Drug Awareness Month: Cocaine Abuse

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Cocaine is a powerfully addictive drug made from the leaves of the coca plant, which is native to South America. It produces short-term euphoria, energy, and talkativeness, in addition to potentially dangerous physical effects like raising the heart rate and blood pressure.

The drug is used in two ways: the powder is snorted (inhaled through the nose), where it is absorbed through the nasal tissue, or dissolved in water and injected into the bloodstream. Acute tolerance develops quickly. This along with the drug’s strong reinforcement properties, makes it highly addictive.

Signs of cocaine intoxication

In low doses, it produces feelings of well being and elation, soon followed by anxiety depression and paranoia. In high doses, it produces rapid respiration, loss of co-ordination, anxiety, paranoia, onset of tremors, nausea, and convulsive seizures.

Withdrawal symptoms include sleep and eating disorders, depression, anxiety, craving for the drug, impulsive and compulsive behavior, malnutrition.

Effects of chronic abuse

  • Mind and behavior: Delusions, sleep deprivation, depression, anxiety disorders, paranoia, violent behavior, alert perceptions of reality which can lead to aggressive or homicidal behavior; violent psychotic disorders which could last days or weeks after the drug has been stopped.
  • Heart and blood: Rapid or irregular heartbeat, hypertension, constricted blood vessels and arteries. In large doses, it may cause ruptured blood vessels which can lead to death by heart attack or cardiac failure.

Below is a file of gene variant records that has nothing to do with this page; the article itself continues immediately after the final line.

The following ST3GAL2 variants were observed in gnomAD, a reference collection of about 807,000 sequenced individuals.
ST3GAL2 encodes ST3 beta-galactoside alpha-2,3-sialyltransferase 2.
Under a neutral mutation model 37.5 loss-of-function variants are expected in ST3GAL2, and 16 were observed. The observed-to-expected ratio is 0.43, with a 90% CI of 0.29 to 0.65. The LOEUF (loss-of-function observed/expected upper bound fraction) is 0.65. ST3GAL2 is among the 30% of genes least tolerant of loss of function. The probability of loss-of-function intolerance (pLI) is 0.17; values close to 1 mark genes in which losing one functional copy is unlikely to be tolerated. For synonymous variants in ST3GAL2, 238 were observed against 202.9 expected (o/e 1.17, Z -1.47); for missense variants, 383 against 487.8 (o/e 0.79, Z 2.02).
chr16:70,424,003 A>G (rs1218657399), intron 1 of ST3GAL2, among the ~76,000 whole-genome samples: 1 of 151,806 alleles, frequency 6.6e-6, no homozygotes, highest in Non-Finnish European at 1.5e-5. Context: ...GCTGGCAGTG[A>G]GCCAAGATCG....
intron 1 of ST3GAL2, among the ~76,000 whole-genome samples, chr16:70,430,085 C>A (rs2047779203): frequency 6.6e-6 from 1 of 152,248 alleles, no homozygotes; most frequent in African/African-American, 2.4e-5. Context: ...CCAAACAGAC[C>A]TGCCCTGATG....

• Brain: Constricted blood vessels and decrease blood flow to some brain areas can lead to tissue damage, stroke, hemorrhage, and permanent brain damage.
  • Nose: Injury to the nasal passages from snorting.
  • Lungs: Lung abnormalities and edema (excess watery fluid). Respiratory depression which can cause death.
  • Liver: Danger of liver failure, high incidence of hepatitis in intravenous users due to unsterile/shared needles.
  • Kidneys: Damage, failure.
  • Gastrointestinal system: Abnormal difficulties which may require surgery; damage tract.
  • Bones and muscles: Rhabdomyolysis (potentially fatal disease destroying skeletal muscle).
  • Sexual organs: Sexual dysfunction is common in heavy users.
  • Fetus: Risk of disease transmitted by unsterile or shared needles (hepatitis AIDS); risk of chronic heart and connective tissue diseases; risk of severe weight loss and malnutrition due to decrease appetite.

Click here to read more from the National Council on Drug Abuse.